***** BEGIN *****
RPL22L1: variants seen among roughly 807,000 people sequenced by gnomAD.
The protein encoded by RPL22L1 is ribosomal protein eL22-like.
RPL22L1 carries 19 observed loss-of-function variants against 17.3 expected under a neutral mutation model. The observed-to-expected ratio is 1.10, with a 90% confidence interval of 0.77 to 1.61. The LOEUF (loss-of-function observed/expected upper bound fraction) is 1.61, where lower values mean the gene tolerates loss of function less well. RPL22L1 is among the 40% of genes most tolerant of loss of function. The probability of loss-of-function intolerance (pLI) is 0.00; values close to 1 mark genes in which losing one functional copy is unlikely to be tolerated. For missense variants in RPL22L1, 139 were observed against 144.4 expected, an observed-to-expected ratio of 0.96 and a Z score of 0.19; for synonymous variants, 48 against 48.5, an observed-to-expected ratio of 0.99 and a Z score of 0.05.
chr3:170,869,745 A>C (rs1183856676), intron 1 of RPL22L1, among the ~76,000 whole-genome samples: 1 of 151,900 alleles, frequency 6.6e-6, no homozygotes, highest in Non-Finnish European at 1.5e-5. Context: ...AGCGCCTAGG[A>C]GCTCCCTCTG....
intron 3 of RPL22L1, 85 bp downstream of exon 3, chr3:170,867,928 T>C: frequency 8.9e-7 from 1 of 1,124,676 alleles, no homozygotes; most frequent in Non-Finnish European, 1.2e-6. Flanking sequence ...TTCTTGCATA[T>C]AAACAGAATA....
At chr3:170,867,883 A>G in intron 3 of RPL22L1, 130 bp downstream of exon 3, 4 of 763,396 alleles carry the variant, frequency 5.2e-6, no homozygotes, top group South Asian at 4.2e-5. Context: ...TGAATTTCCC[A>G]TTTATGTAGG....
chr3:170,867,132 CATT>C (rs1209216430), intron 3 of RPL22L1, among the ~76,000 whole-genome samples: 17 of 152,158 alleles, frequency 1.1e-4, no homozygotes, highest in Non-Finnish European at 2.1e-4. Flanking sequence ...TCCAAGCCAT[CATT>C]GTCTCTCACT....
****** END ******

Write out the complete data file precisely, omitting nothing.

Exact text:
RPL22L1: variants seen among roughly 807,000 people sequenced by gnomAD.
The protein encoded by RPL22L1 is ribosomal protein eL22-like.
RPL22L1 carries 19 observed loss-of-function variants against 17.3 expected under a neutral mutation model. The observed-to-expected ratio is 1.10, with a 90% confidence interval of 0.77 to 1.61. The LOEUF (loss-of-function observed/expected upper bound fraction) is 1.61, where lower values mean the gene tolerates loss of function less well. RPL22L1 is among the 40% of genes most tolerant of loss of function. The probability of loss-of-function intolerance (pLI) is 0.00; values close to 1 mark genes in which losing one functional copy is unlikely to be tolerated. For missense variants in RPL22L1, 139 were observed against 144.4 expected, an observed-to-expected ratio of 0.96 and a Z score of 0.19; for synonymous variants, 48 against 48.5, an observed-to-expected ratio of 0.99 and a Z score of 0.05.
chr3:170,869,745 A>C (rs1183856676), intron 1 of RPL22L1, among the ~76,000 whole-genome samples: 1 of 151,900 alleles, frequency 6.6e-6, no homozygotes, highest in Non-Finnish European at 1.5e-5. Context: ...AGCGCCTAGG[A>C]GCTCCCTCTG....
intron 3 of RPL22L1, 85 bp downstream of exon 3, chr3:170,867,928 T>C: frequency 8.9e-7 from 1 of 1,124,676 alleles, no homozygotes; most frequent in Non-Finnish European, 1.2e-6. Flanking sequence ...TTCTTGCATA[T>C]AAACAGAATA....
At chr3:170,867,883 A>G in intron 3 of RPL22L1, 130 bp downstream of exon 3, 4 of 763,396 alleles carry the variant, frequency 5.2e-6, no homozygotes, top group South Asian at 4.2e-5. Context: ...TGAATTTCCC[A>G]TTTATGTAGG....
chr3:170,867,132 CATT>C (rs1209216430), intron 3 of RPL22L1, among the ~76,000 whole-genome samples: 17 of 152,158 alleles, frequency 1.1e-4, no homozygotes, highest in Non-Finnish European at 2.1e-4. Flanking sequence ...TCCAAGCCAT[CATT>C]GTCTCTCACT....